Kathryn Knott, Suburban Police Chief's Daughter, Gets Parole in Center City Attack on Gay Couple, Will Leave Jail

The daughter of a suburban Philadelphia police chief left jail Tuesday after serving about half of the maximum sentence for her role in the beating of a gay couple in Center City.

Kathryn Knott left Philadelphia jail Tuesday afternoon after Judge Roxanne Covington granted the 25-year-old parole in the 2014 beating, said court officials. In Feb., Knott received a 5- to 10-month sentence. In total she wound up serving about five months.

Philadelphia District Attorney Seth Williams said the victims were made aware of Knott's parole and didn't object to it.

"I know that no amount of punishment or jail time can make what happened in Center City Philadelphia go away for the two victims in this case, the LGBT community and the City of Philadelphia," said Williams in a news release. "But I also know that there is no legal proceeding that will bring fundamental equality and respect to all of our citizens; regardless of their race, gender, economic status or sexual orientation.

"Was what Kathryn Knott and her fellow defendants did ugly and deplorable? Yes, it was. Do we need to keep fighting for equality and respect? Yes, we do. So, let’s use today’s proceedings as an opportunity to keep pushing forward and to make our neighborhoods and city a better place to live, love and work."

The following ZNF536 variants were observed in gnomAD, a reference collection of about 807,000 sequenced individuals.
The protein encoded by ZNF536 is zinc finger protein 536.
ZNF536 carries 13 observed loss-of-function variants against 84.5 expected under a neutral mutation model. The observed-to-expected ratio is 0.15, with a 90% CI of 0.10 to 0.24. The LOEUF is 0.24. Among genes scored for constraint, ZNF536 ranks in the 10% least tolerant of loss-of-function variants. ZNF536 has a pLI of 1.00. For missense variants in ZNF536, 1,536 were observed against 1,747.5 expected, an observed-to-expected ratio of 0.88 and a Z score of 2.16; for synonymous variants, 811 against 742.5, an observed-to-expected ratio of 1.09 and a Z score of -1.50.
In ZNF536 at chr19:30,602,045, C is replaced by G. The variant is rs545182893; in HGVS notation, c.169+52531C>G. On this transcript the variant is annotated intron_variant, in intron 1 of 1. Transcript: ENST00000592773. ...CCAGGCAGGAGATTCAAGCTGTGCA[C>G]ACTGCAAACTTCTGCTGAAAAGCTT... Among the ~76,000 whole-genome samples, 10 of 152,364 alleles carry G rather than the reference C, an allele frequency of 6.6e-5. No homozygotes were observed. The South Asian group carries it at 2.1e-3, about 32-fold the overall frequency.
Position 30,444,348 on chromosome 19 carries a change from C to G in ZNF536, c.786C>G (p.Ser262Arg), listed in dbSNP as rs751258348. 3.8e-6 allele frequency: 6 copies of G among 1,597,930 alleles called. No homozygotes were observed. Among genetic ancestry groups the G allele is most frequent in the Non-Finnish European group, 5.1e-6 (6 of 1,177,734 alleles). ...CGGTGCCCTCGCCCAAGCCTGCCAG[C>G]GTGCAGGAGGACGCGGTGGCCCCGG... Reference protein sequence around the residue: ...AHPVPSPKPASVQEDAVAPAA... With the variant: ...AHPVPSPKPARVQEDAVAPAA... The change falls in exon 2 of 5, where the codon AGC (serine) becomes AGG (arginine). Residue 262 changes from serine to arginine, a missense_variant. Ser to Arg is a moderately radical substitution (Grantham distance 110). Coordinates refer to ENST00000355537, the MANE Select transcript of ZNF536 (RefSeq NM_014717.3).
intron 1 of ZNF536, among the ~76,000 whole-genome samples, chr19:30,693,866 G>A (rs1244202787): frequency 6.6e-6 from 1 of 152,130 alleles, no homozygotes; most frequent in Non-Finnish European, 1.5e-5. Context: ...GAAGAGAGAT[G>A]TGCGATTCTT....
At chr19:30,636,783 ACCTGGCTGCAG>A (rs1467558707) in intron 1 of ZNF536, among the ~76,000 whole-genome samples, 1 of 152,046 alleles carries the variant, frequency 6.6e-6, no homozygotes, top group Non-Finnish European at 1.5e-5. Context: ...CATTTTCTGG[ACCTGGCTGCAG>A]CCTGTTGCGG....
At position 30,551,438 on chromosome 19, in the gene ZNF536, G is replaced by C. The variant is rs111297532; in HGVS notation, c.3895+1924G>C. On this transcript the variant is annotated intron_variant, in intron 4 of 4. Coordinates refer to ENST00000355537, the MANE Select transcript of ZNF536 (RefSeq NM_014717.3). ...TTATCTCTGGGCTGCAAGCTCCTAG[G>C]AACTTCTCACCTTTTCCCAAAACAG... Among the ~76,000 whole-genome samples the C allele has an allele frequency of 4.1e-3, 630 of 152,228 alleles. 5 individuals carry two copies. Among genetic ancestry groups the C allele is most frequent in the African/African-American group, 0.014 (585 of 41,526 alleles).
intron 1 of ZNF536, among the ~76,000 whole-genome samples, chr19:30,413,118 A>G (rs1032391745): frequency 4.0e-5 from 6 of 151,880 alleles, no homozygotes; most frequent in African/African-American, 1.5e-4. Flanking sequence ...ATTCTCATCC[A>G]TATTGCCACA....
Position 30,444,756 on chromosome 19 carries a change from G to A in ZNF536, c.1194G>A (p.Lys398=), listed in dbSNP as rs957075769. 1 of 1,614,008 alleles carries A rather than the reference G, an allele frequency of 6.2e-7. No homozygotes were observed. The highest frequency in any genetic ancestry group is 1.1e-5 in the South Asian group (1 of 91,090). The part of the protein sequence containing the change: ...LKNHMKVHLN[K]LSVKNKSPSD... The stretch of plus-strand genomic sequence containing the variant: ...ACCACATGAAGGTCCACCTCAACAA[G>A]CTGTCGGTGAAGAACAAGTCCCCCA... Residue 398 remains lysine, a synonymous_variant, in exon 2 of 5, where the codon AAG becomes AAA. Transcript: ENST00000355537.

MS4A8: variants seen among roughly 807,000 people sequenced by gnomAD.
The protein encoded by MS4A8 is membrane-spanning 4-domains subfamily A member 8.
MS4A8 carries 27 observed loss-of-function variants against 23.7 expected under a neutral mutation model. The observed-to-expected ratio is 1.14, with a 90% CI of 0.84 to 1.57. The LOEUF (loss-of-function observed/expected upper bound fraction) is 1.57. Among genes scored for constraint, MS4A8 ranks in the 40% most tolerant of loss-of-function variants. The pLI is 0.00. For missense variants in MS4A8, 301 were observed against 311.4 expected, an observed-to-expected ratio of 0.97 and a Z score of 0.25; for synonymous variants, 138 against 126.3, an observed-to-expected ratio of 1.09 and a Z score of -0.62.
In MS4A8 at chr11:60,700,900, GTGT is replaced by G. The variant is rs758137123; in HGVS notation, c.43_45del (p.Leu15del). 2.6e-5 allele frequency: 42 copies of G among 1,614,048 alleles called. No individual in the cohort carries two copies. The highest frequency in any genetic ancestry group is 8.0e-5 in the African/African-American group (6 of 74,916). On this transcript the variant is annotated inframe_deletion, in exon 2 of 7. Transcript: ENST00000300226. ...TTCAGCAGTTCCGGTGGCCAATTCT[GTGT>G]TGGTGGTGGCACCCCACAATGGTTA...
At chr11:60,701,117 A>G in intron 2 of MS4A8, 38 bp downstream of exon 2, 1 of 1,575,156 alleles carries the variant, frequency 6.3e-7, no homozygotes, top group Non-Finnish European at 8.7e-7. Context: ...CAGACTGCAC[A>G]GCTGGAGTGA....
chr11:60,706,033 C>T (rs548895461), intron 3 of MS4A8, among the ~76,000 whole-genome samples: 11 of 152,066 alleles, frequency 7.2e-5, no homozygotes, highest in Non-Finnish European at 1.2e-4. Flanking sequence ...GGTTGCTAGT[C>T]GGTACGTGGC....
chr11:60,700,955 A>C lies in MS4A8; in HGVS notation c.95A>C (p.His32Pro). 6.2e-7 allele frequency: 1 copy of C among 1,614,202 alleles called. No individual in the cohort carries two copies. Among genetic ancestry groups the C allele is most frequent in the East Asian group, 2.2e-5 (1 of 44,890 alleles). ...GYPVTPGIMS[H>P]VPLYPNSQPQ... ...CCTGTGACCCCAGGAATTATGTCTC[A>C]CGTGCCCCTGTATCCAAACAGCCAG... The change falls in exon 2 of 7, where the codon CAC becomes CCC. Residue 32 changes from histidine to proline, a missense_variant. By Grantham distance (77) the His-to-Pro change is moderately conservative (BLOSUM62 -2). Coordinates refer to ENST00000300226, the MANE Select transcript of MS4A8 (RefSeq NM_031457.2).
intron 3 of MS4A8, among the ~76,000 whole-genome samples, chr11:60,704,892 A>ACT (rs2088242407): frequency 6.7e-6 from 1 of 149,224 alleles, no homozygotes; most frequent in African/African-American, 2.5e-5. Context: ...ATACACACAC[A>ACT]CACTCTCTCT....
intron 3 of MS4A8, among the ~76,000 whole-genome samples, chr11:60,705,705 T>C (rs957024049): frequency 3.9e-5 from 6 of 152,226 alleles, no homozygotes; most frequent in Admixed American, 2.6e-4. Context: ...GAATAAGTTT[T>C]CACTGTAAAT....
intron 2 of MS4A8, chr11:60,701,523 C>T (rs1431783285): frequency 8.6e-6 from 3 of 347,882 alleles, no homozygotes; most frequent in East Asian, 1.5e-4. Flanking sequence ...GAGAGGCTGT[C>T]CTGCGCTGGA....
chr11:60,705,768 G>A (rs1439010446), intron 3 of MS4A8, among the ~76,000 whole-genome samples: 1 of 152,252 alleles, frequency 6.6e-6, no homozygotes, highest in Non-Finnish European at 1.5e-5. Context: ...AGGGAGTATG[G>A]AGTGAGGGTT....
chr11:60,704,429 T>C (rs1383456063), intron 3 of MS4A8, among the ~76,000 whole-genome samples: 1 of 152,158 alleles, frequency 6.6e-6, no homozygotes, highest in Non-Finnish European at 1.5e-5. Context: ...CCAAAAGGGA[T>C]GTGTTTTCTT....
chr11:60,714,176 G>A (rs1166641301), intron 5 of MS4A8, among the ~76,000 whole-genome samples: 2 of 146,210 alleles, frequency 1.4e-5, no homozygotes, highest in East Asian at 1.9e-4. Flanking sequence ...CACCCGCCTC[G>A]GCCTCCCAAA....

A judge earlier refused to cut Knott's jail sentence after finding "a complete disconnect" between her apology and the seriousness of the crime.

Knott was found guilty of simple assault and other misdemeanors. Two male co-defendants — one of whom left a victim with a broken jaw — got probation, but the judge noted that Knott rejected a plea offer designed to spare the victims the ordeal of a trial.

The attack broke out as Knott and nearly a dozen suburban friends left a birthday dinner in downtown Philadelphia and encountered the victims as they walked to get pizza in September 2014. The defendants hurled slurs at the couple before punching and beating them.

Knott's co-defendants insisted the brawl did not stem from any anti-gay sentiments.

But Knott's prior social media posts showed an antagonism toward gays, non-English speakers and even patients at the hospital where she worked. News coverage of the posts cost her that job.

The attack led the city to add sexual orientation to its hate crime laws.

Copyright AP - Associated Press
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